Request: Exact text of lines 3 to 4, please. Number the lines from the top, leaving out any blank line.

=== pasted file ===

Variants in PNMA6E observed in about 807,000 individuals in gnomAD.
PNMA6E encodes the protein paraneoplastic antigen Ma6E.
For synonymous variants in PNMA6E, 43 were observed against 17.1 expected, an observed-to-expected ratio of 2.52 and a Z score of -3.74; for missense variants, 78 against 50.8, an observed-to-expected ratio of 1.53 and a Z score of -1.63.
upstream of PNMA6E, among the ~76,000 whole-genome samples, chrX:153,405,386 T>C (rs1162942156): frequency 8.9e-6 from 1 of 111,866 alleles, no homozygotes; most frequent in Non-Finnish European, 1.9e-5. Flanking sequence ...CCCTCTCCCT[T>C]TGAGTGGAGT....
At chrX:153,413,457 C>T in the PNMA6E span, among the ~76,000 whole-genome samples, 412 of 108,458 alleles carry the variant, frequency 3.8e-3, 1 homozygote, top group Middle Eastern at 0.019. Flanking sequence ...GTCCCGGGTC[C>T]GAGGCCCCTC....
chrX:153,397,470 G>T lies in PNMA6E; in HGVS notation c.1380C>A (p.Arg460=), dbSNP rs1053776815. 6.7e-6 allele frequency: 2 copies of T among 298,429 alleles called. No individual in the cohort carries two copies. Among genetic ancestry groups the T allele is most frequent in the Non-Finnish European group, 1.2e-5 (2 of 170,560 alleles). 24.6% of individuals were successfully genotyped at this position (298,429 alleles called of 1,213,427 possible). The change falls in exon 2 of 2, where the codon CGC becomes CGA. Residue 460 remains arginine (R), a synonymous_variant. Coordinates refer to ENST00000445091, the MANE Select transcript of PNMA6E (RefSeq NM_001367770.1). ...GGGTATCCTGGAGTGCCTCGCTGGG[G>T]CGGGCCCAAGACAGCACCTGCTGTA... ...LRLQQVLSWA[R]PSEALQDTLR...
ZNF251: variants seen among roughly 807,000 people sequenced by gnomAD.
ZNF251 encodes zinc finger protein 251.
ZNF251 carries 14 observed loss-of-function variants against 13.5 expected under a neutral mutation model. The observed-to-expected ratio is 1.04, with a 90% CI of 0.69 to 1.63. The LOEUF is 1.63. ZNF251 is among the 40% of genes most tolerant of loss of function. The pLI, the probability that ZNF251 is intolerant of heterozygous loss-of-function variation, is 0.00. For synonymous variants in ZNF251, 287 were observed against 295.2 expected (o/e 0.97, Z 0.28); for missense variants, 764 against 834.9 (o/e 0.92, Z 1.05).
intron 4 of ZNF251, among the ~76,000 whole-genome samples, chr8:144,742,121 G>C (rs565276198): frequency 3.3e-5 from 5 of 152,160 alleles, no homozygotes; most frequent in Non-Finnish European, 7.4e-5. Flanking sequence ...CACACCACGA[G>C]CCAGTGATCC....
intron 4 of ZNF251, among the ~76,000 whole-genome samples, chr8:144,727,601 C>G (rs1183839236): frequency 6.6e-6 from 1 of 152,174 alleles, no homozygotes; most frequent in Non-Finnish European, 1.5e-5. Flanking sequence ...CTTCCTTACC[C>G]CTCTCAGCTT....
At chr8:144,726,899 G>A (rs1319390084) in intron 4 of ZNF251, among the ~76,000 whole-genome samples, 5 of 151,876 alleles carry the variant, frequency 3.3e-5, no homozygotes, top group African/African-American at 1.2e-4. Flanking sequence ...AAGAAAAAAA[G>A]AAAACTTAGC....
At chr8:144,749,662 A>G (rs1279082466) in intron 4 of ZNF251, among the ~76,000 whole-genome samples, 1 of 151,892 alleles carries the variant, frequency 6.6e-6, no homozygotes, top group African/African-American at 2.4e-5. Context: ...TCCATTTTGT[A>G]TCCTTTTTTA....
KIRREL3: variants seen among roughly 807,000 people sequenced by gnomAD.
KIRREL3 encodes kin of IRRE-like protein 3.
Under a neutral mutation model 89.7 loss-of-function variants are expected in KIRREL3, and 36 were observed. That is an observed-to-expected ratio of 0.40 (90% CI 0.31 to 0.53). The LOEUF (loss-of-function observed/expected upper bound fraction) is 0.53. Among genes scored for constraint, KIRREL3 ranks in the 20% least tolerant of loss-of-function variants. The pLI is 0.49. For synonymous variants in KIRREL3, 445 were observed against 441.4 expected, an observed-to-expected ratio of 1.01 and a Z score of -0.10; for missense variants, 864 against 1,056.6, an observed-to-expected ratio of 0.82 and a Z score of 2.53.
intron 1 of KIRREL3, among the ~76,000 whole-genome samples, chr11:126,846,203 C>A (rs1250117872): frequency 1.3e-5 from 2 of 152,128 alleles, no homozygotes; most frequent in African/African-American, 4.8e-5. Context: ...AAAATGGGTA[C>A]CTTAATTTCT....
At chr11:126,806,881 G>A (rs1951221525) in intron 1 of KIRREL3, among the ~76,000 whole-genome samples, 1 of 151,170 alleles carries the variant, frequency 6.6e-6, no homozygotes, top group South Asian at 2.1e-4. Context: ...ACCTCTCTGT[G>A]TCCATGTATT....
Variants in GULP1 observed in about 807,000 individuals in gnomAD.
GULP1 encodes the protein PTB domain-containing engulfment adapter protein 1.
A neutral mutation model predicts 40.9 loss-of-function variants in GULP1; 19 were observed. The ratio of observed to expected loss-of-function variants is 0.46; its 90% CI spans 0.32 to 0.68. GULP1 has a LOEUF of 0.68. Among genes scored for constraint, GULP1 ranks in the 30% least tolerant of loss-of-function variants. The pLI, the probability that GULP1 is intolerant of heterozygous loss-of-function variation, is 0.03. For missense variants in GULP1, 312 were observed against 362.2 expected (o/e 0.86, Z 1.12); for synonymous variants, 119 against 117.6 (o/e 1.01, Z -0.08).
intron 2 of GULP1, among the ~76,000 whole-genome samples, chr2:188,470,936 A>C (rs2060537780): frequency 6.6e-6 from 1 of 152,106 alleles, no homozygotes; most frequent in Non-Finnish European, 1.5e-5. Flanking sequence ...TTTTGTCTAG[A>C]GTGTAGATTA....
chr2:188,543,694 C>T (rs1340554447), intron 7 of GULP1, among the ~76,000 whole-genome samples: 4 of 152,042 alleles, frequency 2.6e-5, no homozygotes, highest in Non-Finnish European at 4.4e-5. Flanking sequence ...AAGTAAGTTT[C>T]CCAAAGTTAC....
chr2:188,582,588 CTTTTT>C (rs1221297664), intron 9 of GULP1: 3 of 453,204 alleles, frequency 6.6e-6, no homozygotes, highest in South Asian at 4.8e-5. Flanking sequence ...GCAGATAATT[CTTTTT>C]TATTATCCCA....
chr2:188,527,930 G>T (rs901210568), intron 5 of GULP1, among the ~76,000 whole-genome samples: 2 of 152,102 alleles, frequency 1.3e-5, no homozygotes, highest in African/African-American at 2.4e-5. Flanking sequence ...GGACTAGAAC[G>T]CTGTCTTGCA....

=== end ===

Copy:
For synonymous variants in PNMA6E, 43 were observed against 17.1 expected, an observed-to-expected ratio of 2.52 and a Z score of -3.74; for missense variants, 78 against 50.8, an observed-to-expected ratio of 1.53 and a Z score of -1.63.
upstream of PNMA6E, among the ~76,000 whole-genome samples, chrX:153,405,386 T>C (rs1162942156): frequency 8.9e-6 from 1 of 111,866 alleles, no homozygotes; most frequent in Non-Finnish European, 1.9e-5. Flanking sequence ...CCCTCTCCCT[T>C]TGAGTGGAGT....